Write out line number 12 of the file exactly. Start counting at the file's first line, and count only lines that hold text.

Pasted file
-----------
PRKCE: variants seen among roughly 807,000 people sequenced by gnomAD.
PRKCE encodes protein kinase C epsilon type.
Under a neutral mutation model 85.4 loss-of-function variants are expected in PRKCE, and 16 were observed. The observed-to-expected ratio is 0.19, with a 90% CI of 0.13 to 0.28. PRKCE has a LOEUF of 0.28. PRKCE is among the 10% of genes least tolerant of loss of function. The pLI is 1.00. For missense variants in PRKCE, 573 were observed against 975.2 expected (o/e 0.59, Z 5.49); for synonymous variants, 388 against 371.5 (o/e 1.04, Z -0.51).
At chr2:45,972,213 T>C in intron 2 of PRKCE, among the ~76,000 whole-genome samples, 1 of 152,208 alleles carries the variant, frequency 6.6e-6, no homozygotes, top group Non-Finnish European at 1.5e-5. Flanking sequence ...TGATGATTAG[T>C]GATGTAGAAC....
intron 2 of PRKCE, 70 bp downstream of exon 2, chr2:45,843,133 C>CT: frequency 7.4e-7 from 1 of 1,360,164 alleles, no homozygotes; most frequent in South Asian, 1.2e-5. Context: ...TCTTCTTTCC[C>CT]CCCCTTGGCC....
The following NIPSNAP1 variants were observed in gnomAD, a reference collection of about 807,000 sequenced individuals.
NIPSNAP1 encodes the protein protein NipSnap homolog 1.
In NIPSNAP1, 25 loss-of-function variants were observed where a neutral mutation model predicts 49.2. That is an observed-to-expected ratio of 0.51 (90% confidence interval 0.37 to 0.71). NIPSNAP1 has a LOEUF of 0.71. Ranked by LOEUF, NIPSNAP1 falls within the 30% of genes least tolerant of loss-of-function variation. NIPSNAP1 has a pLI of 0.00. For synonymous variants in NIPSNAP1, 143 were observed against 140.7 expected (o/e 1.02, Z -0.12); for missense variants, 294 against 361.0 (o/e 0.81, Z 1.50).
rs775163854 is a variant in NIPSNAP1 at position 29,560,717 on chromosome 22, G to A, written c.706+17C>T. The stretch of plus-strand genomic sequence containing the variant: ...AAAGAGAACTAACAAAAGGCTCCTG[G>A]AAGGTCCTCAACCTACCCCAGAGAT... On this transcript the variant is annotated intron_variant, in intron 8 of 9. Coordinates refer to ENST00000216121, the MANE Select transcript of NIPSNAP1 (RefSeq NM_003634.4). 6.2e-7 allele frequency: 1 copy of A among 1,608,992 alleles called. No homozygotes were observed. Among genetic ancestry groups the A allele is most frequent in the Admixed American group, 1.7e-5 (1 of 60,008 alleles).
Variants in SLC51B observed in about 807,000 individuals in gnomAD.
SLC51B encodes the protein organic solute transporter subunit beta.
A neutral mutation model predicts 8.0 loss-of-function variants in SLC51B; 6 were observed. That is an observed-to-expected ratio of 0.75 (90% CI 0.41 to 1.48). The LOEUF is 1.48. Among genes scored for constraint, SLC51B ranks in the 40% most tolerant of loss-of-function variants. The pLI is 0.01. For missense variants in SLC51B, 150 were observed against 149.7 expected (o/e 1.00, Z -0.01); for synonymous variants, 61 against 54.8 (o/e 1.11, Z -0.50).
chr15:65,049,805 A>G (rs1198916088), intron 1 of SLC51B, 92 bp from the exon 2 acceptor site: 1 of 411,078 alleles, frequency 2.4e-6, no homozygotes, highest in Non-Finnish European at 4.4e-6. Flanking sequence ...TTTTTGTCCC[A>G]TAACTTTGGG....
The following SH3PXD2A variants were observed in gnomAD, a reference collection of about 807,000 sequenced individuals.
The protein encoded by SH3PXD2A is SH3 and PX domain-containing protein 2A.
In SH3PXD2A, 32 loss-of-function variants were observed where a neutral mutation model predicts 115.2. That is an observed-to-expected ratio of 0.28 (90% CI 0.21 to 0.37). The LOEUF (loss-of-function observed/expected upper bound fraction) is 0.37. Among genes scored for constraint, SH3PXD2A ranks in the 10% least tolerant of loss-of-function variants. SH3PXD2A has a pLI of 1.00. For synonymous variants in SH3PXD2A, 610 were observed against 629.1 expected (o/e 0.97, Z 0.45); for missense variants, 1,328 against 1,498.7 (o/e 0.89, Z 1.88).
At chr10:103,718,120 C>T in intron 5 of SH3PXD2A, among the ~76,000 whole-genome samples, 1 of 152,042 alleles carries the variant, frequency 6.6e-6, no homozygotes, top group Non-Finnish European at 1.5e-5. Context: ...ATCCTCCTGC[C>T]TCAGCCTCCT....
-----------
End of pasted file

A neutral mutation model predicts 8.0 loss-of-function variants in SLC51B; 6 were observed. That is an observed-to-expected ratio of 0.75 (90% CI 0.41 to 1.48). The LOEUF is 1.48. Among genes scored for constraint, SLC51B ranks in the 40% most tolerant of loss-of-function variants. The pLI is 0.01. For missense variants in SLC51B, 150 were observed against 149.7 expected (o/e 1.00, Z -0.01); for synonymous variants, 61 against 54.8 (o/e 1.11, Z -0.50).